In recent years, Louisiana has managed to secure long-awaited Corps project authorizations that were held-up due to bureaucratic red-tape. But as members of this subcommittee, you all know that authorization is only the beginning of turning studies into reality.  In 2016, Congress authorized a new start feasibility study for St. Tammany Parish, which would examine the need for hurricane surge, flood, and shoreline protection projects in a vulnerable area of my district. While the southern and western portions of Lake Pontchartrain have received funding for related projects, the Northshore of Lake Pontchartrain – which during Katrina saw storm surges ranging from seven to sixteen feet destroy thousands of homes and small businesses – has yet to see a single federal dollar dedicated to flood protection. I ask this subcommittee to consider including necessary funds for new start studies, so projects like these in St. Tammany Parish can move forward. 
In the 2014 WRDA bill, Congress reauthorized Morganza to the Gulf, a hurricane and storm damage reduction project located within my district of Terrebonne and Lafourche Parishes. Unfortunately, this reauthorization came after nearly 20 years of studies that spent more than $70 million, all without the Corps of Engineers putting a single shovel in the ground. Any funding provided to this project would strengthen our community in southeast Louisiana as well as the billions of dollars in economic activity that provide valuable energy resources to fuel this country. It is also important to note that while this project has yet to receive any federal funding, local taxes and bonds have allowed $400 million to be invested in the project. I ask this subcommittee to consider providing the Corps of Engineers additional resources for construction projects, like Morganza to the Gulf, to be completed.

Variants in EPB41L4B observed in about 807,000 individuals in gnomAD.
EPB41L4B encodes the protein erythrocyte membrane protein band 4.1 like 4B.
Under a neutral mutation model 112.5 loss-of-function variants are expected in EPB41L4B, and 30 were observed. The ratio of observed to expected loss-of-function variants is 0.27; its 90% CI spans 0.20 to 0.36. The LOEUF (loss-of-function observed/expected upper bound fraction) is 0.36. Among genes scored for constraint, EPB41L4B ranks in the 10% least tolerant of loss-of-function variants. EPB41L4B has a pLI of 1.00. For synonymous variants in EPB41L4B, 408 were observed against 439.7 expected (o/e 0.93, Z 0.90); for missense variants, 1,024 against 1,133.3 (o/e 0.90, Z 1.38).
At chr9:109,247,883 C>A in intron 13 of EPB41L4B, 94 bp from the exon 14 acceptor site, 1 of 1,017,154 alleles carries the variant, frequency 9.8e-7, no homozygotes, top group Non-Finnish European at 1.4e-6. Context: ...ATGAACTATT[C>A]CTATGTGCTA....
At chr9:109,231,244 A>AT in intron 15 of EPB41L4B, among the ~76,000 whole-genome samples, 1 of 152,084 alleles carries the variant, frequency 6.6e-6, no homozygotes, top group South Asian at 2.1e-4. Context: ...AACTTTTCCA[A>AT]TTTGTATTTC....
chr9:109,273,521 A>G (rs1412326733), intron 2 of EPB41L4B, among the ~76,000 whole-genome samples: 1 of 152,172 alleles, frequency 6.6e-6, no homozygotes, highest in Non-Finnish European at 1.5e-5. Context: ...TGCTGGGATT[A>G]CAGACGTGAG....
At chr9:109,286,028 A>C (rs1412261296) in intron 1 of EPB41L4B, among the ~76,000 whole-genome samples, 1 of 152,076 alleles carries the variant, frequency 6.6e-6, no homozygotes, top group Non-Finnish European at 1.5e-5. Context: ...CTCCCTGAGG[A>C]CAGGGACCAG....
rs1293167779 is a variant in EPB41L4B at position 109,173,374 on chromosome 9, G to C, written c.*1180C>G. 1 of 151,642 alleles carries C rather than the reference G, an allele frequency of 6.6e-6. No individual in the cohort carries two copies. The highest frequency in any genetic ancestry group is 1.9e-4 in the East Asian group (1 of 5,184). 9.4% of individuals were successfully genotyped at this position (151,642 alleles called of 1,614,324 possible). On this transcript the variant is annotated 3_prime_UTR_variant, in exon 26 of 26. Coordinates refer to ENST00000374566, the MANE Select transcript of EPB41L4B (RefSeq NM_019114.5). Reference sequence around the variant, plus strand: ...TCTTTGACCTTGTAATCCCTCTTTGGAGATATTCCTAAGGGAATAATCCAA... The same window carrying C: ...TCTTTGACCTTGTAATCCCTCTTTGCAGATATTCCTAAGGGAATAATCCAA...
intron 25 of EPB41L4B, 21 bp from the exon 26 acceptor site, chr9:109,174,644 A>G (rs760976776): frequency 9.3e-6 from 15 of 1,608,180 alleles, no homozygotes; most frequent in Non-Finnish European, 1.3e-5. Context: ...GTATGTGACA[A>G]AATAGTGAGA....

Lastly, I want to express my strong support for including robust funding for the Department of Energy and the Nuclear Regulatory Commission (NRC) that gives them the ability to complete the licensing process for the Yucca Mountain nuclear waste repository.  I’m glad President Trump included $116 million for the Department of Energy and $38.5 million for the NRC for this purpose.  I urge this subcommittee to seriously consider and support this request.  These funds would ensure that the State of Nevada, and other stakeholders, have an opportunity to participate in the licensing process and have their views heard.  Our decades-long failure to move this project along costs the American taxpayer nearly $2 million a day. Reports show we’ve already spent eight billion in taxpayer dollars because of needless delays and our inability to meet our legal obligations to the nation’s electric utilities.  Failure to provide funding that secures spent nuclear fuel will only cause further financial hardship on the American taxpayer and uncertainty for ratepayers, who in many parts of the country rely on nuclear energy, one of our most reliable sources of electricity generation.